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Reef coral calcification and climate dynamics during the Eocene greenhouse (EOCENE)

X-ray, light, and scanning electron micrographs (from left to right) allowing identification of characteristic features (e.g., low-density bands, high-density bands, endolithic borings, indications of partial mortality) and showing the excellent state of preservation of the coral sample. Photo credit: P.M. Spreter/T. Brachert/P. Mono

Globally rising ocean temperatures and ocean acidification pose a threat to tropical shallow-water coral reefs. Yet, the acclimation potential of reef corals is largely unknown. Remarkably, no analogue data of heat stress and bleaching exist from warm periods of the geological past, such as the Eocene defined by SPP2299. Here, we propose a study on reef corals from the globally hot middle and late Eocene (45 – 35 Ma; this project EOCENE). Our project has three principal research objectives, consistent with themes A and B of the SPP: (1) Produce multi-year time-series of SSTs and evaporation/precipitation at monthly resolution and document the operation of the coral – zooxanthella symbiosis. (2) Generate parallel physical calcification records and geochemical fingerprints of calcification performance, to explore the expression of and possible resistance to thermal and other stressors. (3) Determine whether events of partial mortality of the coral colonies occurring on quasi-decadal time-scales were due to bleaching events that happened during heatwaves. The results will be compared to findings from later warm periods in the Cenozoic (e.g. mid Pliocene), to place our results within the broader framework of climatic, oceanographic and (bio)geographic changes through the Cenozoic. To meet the project goals, we will study corals from France and England (Paris Basin) that are extremely unusual in their near-pristine, unaltered preservation. Fieldwork will serve to reconstruct growth habitats and to put specimens into a geochronological context. For the first time, classical X-radiography (densitometry) and geochemical proxies for conditions at the habitat and calcification fluid scales will be applied to corals of Eocene age. For further synergies, we started the Bochum-Berlin-Leipzig initiative. In this frame, STRESS will investigate the proxy documentation of bleaching events and DIAGENESIS will study preservation potentials of proxy data during incipient diagenesis. Dissemination of our findings to the broader public will be ensured through contribution to a documentary for public TV (Arte-TV/ZDF). Besides providing important constraints on Eocene mid-latitude climate, we will gain a unique insight into the early evolutionary stages of the light-enhanced calcification system in taxa that dominate today’s coral reefs (e.g. Porites) and the first analytical evidence for heat stress in coral ecosystems and bleaching in the geological past. This deep-time perspective from a world of climatic extremes will provide an alternative view on the mechanisms underlying coral resistance to the dual stress of future ocean warming and acidification. Moreover, insights into coral calcification will directly contribute to a long-running discussion on deep-sea carbonate dissolution at the onset of the Middle Eocene Climate Optimum having been a result of global calcification fluxes being partitioned more toward reef ecosystems on flooded continental shelves.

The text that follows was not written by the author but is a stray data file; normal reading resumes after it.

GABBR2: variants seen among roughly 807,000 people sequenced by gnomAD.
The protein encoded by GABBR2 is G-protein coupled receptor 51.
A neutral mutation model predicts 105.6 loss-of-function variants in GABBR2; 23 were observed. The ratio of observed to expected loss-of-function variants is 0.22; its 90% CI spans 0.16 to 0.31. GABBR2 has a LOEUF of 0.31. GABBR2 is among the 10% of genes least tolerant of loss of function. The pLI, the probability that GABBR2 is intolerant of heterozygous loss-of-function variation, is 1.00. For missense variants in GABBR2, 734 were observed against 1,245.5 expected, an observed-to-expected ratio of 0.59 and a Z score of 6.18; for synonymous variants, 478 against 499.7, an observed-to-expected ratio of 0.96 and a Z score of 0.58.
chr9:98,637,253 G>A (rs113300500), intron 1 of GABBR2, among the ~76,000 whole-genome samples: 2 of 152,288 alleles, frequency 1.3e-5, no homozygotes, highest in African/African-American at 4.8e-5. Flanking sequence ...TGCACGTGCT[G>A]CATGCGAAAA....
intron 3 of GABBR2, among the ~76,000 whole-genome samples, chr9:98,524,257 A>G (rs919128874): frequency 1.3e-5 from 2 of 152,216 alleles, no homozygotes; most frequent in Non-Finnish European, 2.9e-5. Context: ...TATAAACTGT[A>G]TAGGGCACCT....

Principle Investigators

Thomas Brachert (Leipzig University)

Michael Henehan (University of Bristol/GFZ Potsdam)

Regina Mertz (Johannes Gutenberg University Mainz)

Project Scientist

Phyllis Mono (Leipzig University)

Femtosecond setup for analysis in this project. Based at GFZ, Helmholtz Centre Potsdam. Photo credit Michael Henehan (GFZ Potsdam)
Outcrop at Le Ruel, Haravilliers (France) visited in scope of the Arte-TV/ZDF documentary (“Heißzeit–Das Gedächtnis der Meere und Ozeane”). Photo credit: M. Siron